Friday, January 28, 2011

First Hizentra Treatment

This morning Ryder, Ben and I headed out the door around 7:15am. Ben took his truck to work and I picked him up in our car. We then made our way to Hopkins and got there by about 8am. We got checked in and quickly taken to the back. I love having appointments first thing in the morning because it is empty and usually they are not running behind!

Just before leaving I out some EMLA cream (topical anesthetic) on Ryder's side and covered it with some Tegaderm (clear dressing to go over IVs and wounds). Once we got into the exam room the Nurse Practitioner (Beth Younger) brought in a big box. Ryder got excited because he was convinced it was full of toys for him. She pulled out the pump and let Ryder play with it because it is pretty durable. She showed Ben and I all of the supplies and gave us more information on the Hizentra. Then she walked us through the steps to set up the infusion. It seems pretty simple to me because it is fairly similar to getting my insulin pump set up.

We then put Ryder on the exam table so we could get started. As soon as we lifted up his shirt he pretty much went crazy screaming, crying, and arching trying to get away from us. He really flipped out when we pulled off the Tegaderm. Ben was standing by his head and holding him arms while talking to him. The Nurse Practitioner and I were standing by his feet/stomach so she could walk me through how to get the infusion started. I took the needle and quickly pushed it in and Ryder hit the ceiling. I felt really bad, but we quickly got a piece of Tegaderm on top of the needle and let him sit up. He was pretty upset, but once we got the infusion going he got to sit at the computer and play games. At that point he pretty much forgot about the infusion and was a happy guy. The infusion only took about 15-20 minutes. Once it was time to take the needle out he freaked out again and didn't want anybody to touch him. The Nurse Practitioner showed me to just quickly pull the Tegaderm and the needle would come with it and it was over.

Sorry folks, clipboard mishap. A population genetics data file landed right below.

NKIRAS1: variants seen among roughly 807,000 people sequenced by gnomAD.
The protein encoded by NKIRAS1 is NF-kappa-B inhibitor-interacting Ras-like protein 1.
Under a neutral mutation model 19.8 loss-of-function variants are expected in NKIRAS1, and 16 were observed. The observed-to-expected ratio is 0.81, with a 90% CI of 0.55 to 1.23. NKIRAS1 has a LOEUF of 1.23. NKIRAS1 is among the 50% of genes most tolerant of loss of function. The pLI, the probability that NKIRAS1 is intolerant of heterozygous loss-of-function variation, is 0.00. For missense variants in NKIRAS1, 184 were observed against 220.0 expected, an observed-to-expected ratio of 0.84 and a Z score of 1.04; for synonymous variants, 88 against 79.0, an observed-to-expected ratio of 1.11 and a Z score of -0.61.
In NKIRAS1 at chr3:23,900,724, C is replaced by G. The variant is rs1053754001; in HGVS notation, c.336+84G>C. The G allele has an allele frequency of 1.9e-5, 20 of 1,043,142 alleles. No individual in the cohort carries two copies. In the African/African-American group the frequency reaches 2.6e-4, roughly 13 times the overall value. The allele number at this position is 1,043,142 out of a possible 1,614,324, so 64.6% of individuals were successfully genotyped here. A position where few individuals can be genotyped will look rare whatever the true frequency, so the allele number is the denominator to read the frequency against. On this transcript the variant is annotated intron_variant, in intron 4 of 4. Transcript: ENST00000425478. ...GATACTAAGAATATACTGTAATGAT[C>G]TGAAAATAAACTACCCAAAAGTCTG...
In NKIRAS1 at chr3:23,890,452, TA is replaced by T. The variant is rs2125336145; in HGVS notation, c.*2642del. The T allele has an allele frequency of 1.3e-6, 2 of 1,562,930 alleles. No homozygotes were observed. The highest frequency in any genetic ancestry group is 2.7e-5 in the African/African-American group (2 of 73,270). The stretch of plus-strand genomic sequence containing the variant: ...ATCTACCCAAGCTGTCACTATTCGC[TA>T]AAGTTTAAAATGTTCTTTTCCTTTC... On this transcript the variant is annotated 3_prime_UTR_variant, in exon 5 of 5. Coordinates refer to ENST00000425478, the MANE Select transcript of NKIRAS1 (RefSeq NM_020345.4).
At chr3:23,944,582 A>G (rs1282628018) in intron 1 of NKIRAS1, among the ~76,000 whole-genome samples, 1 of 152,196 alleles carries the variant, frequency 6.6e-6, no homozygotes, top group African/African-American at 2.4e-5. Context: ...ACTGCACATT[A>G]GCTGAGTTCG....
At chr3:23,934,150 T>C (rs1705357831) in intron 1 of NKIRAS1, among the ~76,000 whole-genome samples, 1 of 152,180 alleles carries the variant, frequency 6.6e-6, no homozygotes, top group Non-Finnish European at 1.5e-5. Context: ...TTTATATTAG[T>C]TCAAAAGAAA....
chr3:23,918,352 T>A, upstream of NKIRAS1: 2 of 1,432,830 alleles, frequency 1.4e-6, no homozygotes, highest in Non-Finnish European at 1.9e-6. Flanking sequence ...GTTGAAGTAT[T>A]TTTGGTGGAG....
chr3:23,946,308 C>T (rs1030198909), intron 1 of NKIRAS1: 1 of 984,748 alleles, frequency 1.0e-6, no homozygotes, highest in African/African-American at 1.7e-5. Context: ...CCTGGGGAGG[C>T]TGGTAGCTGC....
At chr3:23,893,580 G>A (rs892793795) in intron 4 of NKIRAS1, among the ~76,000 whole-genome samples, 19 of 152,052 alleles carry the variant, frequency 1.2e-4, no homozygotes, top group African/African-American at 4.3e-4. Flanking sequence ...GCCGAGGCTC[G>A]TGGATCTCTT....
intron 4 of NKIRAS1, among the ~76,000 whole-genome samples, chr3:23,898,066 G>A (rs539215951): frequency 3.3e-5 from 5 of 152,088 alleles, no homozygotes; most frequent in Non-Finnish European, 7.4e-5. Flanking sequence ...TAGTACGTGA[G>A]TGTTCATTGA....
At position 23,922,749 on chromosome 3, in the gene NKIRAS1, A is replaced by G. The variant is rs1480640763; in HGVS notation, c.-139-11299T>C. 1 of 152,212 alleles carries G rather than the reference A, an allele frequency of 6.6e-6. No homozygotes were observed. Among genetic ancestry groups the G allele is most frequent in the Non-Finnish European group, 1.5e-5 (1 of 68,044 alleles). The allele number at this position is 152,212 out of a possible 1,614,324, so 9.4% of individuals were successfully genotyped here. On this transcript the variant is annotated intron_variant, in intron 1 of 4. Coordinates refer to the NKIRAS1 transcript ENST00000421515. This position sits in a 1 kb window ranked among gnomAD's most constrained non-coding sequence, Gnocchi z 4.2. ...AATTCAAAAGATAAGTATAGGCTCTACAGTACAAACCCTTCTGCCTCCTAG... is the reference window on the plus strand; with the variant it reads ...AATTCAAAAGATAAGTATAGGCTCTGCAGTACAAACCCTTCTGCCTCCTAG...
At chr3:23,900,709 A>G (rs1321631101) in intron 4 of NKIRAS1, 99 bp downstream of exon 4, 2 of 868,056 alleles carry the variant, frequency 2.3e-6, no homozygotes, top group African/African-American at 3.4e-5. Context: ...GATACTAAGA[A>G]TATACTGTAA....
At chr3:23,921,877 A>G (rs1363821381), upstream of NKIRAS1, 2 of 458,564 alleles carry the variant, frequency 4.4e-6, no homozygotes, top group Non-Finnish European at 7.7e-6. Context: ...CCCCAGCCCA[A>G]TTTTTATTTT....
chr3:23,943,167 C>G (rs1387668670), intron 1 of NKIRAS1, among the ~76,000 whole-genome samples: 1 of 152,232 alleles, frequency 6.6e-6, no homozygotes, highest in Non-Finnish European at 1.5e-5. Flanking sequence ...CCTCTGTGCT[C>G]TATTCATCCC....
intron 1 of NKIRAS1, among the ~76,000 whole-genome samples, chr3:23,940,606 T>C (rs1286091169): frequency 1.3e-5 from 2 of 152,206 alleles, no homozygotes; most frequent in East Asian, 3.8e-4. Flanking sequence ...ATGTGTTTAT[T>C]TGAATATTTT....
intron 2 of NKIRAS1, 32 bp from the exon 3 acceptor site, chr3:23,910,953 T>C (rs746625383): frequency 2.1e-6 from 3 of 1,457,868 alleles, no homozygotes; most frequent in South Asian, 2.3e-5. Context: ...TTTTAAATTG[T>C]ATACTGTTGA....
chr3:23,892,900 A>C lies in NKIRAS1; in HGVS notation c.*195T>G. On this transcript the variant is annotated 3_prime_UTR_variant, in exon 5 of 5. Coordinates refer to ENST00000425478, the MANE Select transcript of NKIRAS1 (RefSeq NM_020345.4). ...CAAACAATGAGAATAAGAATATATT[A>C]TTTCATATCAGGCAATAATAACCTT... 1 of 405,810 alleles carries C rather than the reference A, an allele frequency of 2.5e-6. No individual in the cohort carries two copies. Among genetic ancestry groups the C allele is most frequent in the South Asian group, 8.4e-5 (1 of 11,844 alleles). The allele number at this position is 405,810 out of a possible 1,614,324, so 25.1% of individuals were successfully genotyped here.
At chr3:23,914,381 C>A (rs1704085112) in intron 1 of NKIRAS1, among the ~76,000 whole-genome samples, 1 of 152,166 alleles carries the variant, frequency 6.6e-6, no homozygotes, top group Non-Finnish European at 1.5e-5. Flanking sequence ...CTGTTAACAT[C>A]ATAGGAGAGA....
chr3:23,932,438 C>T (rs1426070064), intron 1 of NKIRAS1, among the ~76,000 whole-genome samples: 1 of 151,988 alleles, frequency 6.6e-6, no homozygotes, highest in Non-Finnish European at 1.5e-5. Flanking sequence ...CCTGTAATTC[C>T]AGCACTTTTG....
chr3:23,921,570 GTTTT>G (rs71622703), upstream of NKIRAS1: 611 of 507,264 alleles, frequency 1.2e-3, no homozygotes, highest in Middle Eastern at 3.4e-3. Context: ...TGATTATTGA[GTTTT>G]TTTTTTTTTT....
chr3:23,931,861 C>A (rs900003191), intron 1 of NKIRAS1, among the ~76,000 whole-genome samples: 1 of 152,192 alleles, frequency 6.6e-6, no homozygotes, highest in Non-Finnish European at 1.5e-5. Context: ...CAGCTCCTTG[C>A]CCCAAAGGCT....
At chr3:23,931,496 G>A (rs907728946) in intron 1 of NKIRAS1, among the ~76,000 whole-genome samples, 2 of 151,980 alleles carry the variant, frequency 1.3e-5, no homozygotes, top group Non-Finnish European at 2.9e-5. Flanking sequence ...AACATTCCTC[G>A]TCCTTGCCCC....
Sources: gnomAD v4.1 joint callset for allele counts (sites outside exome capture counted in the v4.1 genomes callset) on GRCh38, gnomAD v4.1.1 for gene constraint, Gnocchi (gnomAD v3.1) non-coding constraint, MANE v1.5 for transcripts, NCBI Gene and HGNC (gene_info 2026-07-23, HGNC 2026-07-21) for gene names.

I know I will be able to do the infusions at home because I will do anything needed for Ryder (or Zak). I will need Ben to help me hold him down until he gets more used to the whole process, but the Nurse Practitioner told me that kids will get used to it and I do believe that. He didn't have any reactions to the Hizentra other than swelling and redness at the injection site which is completely normal and will get less and less as his body gets used to the Hizentra.

During the infusion I talked with the Nurse Practitioner to get some questions answered which was really nice. After it all kind of settled in I had come up with a few questions so we went over them. Some things we discussed included...

1) Side Effects: She said that most of the people who have side effects are receiving the Immunoglobulins through IV and then get switched to the subcutaneous and no longer have issues. She explained the local injection site side effects are normal.

2) Need for Future Vaccines: She explained to me that since the Hizentra is an actual blood product it contains all of the antibodies from those who donated the blood. Because of this the Hizentra includes all types of antibodies so he will no longer need to get any vaccines while getting these treatments. She also advised me that he needs to definitely stay away from ALL live vaccines even when not on the treatments. This could definitely explain Ryder's pretty big reaction to some of his earlier vaccines. The reason he needed to flu shot this year is because the Hizentra he is receiving came from donated blood from 2 years ago (that is how long the whole process takes from donation to injecting the product) so there are no antibodies for H1N1 in. Because of this they are requiring their patients to get the flu shot this year, but in future years he will not need it. We also learned that he should avoid having contact with people who have recently received any live vaccines (glad we chose to keep him home from school the day they administered the FluMist!).